What Every Purchaser of Real Estate Should Know: The Basics of Title Insurance and its Protections


If you are purchasing residential or commercial real estate, you may have heard the term “title insurance” bounced around. Title insurance is very important and protects your legal claim to the title of your real estate. In other words, it provides protection in certain circumstances when someone else asserts an adverse interest in your property.

If you have title insurance, a claim can be filed anytime a title defect is discovered. Examples of title defects include missing interests, forgeries, boundary line disputes, and an array of other mistakes or errors that may be impossible to discover before you purchase the property.

There are often misconceptions about title insurance policies. Before going through the real estate closing process, a diligent purchaser should be aware of the benefits of purchasing a title insurance policy.

Misconception 1: I do not need title insurance because I will have hazard or homeowner’s insurance.

Title insurance is not the same as hazard insurance or homeowner’s insurance. Title insurance protects your legal claim to the property. If, for example, there is a prior lien and the holder of that lien attempts to foreclose, your hazard insurance will not provide coverage for such a situation. By the same token, if there is a fire on your property, your title insurance will not offer coverage for the physical damage, as title insurance and hazard insurance provide protection for different situations.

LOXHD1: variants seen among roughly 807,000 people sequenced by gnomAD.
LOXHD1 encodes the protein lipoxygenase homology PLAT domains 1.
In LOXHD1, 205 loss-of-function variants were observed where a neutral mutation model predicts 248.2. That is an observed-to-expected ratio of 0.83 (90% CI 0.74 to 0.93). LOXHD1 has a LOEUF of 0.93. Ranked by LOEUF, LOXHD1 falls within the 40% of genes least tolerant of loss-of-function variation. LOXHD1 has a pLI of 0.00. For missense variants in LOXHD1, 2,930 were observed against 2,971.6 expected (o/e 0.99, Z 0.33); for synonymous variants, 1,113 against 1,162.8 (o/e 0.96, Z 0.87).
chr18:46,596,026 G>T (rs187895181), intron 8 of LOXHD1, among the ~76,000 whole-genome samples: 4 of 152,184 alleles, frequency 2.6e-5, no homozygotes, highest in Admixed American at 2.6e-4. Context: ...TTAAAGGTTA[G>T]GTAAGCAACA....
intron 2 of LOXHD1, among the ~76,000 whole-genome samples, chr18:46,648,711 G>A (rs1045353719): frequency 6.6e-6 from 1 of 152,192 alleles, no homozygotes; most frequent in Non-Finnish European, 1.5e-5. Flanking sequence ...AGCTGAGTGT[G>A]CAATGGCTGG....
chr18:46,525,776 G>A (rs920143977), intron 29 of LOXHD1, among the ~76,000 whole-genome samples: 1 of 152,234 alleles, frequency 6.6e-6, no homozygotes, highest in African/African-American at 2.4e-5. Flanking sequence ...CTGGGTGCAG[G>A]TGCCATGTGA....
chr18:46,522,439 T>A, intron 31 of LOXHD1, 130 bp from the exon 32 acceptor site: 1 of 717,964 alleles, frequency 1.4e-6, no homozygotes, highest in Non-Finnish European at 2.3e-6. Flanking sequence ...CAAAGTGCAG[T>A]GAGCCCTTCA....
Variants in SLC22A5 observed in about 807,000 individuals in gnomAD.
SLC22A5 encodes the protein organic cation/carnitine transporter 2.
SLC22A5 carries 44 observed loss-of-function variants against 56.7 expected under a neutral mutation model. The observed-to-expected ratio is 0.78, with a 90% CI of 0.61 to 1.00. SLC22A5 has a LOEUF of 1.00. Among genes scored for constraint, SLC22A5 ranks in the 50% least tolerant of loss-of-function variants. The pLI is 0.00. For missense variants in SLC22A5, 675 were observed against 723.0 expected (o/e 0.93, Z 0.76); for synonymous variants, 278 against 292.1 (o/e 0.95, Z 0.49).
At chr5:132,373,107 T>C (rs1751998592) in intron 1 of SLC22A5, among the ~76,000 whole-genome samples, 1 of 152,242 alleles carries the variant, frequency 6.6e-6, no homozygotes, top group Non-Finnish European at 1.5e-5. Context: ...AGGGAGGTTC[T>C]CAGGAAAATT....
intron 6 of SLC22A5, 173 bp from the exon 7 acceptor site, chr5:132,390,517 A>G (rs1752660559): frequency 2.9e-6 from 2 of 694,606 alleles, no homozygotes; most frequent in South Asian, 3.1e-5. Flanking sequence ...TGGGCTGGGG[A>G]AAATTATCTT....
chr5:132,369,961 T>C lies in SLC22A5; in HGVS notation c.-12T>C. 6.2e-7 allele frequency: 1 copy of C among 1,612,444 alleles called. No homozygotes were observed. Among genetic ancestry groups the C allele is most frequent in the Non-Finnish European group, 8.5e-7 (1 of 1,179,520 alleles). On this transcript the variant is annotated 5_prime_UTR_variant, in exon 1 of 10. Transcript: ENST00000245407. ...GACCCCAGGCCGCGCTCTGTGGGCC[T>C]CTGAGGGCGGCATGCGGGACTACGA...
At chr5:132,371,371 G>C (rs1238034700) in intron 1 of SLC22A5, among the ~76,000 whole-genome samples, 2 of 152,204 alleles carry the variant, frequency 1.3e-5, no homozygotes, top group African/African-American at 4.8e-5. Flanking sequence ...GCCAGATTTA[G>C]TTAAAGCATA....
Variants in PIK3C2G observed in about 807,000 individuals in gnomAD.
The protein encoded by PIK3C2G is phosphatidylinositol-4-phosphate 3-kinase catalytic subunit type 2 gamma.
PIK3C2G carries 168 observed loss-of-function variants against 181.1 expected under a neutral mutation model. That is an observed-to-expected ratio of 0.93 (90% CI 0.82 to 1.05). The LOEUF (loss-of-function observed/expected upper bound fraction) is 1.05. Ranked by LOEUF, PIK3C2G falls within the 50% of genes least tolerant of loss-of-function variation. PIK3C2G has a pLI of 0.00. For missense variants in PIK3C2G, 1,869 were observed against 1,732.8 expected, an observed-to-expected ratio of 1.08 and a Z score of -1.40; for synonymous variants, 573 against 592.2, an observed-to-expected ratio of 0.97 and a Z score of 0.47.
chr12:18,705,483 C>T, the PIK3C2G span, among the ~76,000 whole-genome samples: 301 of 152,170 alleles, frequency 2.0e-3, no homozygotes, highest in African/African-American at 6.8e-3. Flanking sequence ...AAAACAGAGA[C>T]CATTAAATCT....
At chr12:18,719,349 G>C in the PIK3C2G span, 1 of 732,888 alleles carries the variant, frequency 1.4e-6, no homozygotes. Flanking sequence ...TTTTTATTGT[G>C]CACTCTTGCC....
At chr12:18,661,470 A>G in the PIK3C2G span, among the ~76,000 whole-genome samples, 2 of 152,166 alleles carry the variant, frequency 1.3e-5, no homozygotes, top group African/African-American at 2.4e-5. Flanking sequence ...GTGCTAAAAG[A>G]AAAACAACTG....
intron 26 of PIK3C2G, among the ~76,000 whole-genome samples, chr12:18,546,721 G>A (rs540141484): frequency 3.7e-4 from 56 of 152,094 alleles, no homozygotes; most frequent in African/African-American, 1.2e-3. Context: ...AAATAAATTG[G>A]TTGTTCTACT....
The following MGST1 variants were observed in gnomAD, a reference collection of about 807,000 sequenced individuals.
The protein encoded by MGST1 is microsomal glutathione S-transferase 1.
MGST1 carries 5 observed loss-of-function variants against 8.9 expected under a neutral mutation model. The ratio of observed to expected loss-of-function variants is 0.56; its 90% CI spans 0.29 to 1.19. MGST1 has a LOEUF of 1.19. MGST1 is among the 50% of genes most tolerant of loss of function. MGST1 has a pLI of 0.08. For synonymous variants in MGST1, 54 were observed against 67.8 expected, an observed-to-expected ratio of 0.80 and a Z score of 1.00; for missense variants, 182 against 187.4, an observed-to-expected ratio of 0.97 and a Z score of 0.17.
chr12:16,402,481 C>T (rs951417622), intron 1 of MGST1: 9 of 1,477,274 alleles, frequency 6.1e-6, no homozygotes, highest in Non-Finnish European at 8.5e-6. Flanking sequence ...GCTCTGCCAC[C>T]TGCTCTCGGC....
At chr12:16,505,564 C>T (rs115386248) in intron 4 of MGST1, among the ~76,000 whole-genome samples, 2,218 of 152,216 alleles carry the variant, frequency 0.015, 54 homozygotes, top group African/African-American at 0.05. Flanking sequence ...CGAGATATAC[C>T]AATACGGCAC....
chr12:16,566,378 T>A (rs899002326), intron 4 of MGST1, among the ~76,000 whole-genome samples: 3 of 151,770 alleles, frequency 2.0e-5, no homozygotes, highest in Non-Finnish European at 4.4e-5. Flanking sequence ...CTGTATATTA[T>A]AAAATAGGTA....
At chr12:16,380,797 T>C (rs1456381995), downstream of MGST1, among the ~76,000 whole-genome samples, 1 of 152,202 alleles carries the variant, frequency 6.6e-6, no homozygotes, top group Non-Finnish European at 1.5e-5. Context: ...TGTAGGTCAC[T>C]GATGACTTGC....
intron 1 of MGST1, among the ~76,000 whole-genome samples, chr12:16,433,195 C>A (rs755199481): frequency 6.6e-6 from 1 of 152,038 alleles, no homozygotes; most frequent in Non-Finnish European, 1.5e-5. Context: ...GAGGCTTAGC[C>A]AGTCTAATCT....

Misconception 2: I do not need title insurance because my mortgage company will have a lender policy.

While it is true that your mortgage company will require that you purchase a lender’s title insurance policy to protect their investment, that coverage does not provide the same protections as an owner’s title insurance policy. For example, if there is a boundary line dispute between you and your neighbor and you only purchased a lender’s title insurance policy, you would have no individual protection for such a dispute because you do not have your own title policy. Although the lender’s title insurance policy is in place, a lender may elect not to file a title insurance claim unless either 1) the lender is notified about the existence of a dispute; or 2) you have ceased making payments on your loan such that your lender is now seeking to foreclose on your property. In other words, there is no assurance that your lender will advocate on your behalf.

Misconception 3: Title insurance is too costly when you factor in the small risk that a title defect exists.

The cost of title insurance varies based on the type of policy and endorsements (i.e., additional protections); however, title insurance differs from other insurance, in that you will only need to pay for the policy one time – at closing. Unlike hazard insurance or other types of insurance, your title insurance policy is valid for the rest of your life, and may even provide coverage to your estate. This is one of many reasons why it is important to purchase title insurance and to retain a copy of the policy in a safe place alongside other important documents.

These are just a few of the many reasons why the purchase of an owner’s title insurance policy is a smart investment in your new real estate purchase. If you are interested in learning more, contact Vanessa S. Carter in the Commercial Real Estate practice group of Woods Rogers Vandeventer Black PLC.


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